Mark Penn, former senior adviser to both President Clinton and Secretary of State Cklinton (during her 2008 presidential campaign) joined me Tuesday morning to discuss his column in The Hill:
HH: I am joined by Mark Penn. He is managing director of Stagwell Group. That’s a private equity firm specializing in marketing service companies. He’s also the chairman of the Harris Poll, author of Microtrends Squared, a relatively recent new book, served as pollster/senior adviser to President Clinton for six years of his administration, also as senior strategist to Secretary of State Clinton during her 2008 presidential run. And I read to you his column from The Hill this weekend and on Monday. Mr. Penn, welcome to the program, it is great to have you on the Hugh Hewitt Show.
MP: Thank you. Good morning.
HH: How has the reaction been to your column which I read in the last segment so the audience knows exactly what you wrote?
MP: Well, unbelievable in many ways. I mean, I thought I’d kind of get out my views. You never know who’s going to read it, and I think by this time, maybe millions of people have read this column. And I think it really struck a nerve, or a chord, on what people were thinking about how this investigation has gone off the rails.
HH: Have you spoken to President Clinton since it appeared?
MP: No. I mean, you know, people I noticed try to make something of the Clintons relative to that. The only thing I said was look, I think this inspector general report is going to come back and say that the investigation on the emails was a light investigation. I don’t think that’s the Clintons’ fault. I think that’s the fault of the James Comey and what was going on at the FBI.
HH: It does at one point suggest that the meeting on the tarmac between the former president and the then-current attorney general was not about mahjong. That’s why I thought that the former…
MP: Yeah, well, well, because look, you know, I’ve had, you know, hundreds of meetings, and it’s very, very unusual to have a no aides meeting. It is almost unprecedented, and usually aides are there, and frankly, aides, in this case, would have been a protection policy against anyone thinking that it was an inappropriate meeting. So look, again, and I’m merely saying that I suspect this IG report is going to raise a lot of questions about that, because it is pretty unusual. But look, I think the world of President Clinton, and I worked for Hillary Clinton many years. I think that the facts here are the facts about this, and I think that again, my focus was on why was the Attorney General holding a meeting like that. She should have known better. And why was the FBI director conducting an investigation in a manner that was really unprecedented?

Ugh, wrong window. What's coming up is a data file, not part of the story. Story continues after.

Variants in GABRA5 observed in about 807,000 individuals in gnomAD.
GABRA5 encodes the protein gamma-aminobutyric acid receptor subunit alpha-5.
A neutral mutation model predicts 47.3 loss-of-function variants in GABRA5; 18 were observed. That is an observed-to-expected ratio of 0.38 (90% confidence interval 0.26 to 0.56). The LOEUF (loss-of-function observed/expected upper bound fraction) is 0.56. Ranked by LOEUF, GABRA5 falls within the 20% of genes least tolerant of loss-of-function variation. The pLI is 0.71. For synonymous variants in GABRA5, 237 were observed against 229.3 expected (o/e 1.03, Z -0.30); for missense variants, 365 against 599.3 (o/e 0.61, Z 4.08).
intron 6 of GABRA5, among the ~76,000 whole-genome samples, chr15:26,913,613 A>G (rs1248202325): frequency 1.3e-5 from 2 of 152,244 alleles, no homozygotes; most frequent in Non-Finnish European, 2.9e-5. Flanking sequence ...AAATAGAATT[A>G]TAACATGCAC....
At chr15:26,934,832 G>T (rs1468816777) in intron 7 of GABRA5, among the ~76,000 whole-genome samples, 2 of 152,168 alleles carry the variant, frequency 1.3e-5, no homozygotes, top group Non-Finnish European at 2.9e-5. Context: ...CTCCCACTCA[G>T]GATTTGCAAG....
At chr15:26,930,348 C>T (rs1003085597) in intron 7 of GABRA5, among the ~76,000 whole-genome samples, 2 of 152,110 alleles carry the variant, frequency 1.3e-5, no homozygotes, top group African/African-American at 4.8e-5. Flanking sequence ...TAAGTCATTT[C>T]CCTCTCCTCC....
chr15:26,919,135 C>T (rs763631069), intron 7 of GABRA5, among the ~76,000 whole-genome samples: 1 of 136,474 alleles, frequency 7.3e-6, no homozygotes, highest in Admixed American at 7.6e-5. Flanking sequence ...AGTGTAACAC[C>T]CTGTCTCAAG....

HH: You raise good questions. When the former Secretary of State was my guest on this show for a very long and productive conversation about her memoir, What Happened, I told her bluntly that you know, the problem was the server, and she gave me her answer, which no, she didn’t think it was, but that investigation into the server is going to be the core of the IG report, as you rightly point out, and it’s going to be devastating, at least if the early indications are correct. Did you ever know she had that server, by the way, Mark Penn?
MP: It’s a good question. I would not have known she had a server. I wasn’t working with her during those years. And I would not have known that, because I was communicating with her as a private citizen, so I would expect to use private citizen email. So no, I didn’t know that she had that server until it came out in the paper, though I certainly know she had private, she had private email. But then, I was communicating with her as a private citizen, which I would expect someone to have.
HH: Now when I had Mike Morell on, former deputy CIA director, acting CIA director, I asked him point blank was her server compromised, and he answered in a roundabout way saying you know, everything’s compromised if it’s not NSA-protected. And I said so that’s a yes, he said yeah, that’s a yes. Do you think all your emails to Secretary of Clinton are out there owned by some foreign government waiting to come out someday?
MP: Well, I don’t know, they didn’t come out. So I think when she decided which emails were personal emails, you know, I think they were destroyed and across all these devices. I mean, look, I think the server thing was, again, from her perspective, I think was trying to keep control of her emails. I don’t think that anyone there intended to violate national security. But I think then the questions that surrounded that and a questions about, you know, emails became a huge weight on the election. But most important, it’s like we need to have, you know, justice in this country that’s equal. So whatever kind of investigation was run there is the same kind of investigation you should see run on anything else. You just shouldn’t see a difference. My fault is not with the Clintons and decisions they made to have an email server. It’s with the Justice Department for running a process that seemed to be tinged with politics, and, but frankly, undermines the country.
HH: Now today, the Washington Post has named Mr. Halper. I have avoided doing that until today when the Post puts it on its front page, and we’re talking about Stefan Halper, long time intelligence community operator. What do you make of his reaching out and touching, communicating with three, and that’s all we know about, but at least three, and now apparently four if you add in Peter Navarro during the transition, we don’t know yet, during the campaign, Trump campaign officials. What do you make of that, Mark Penn?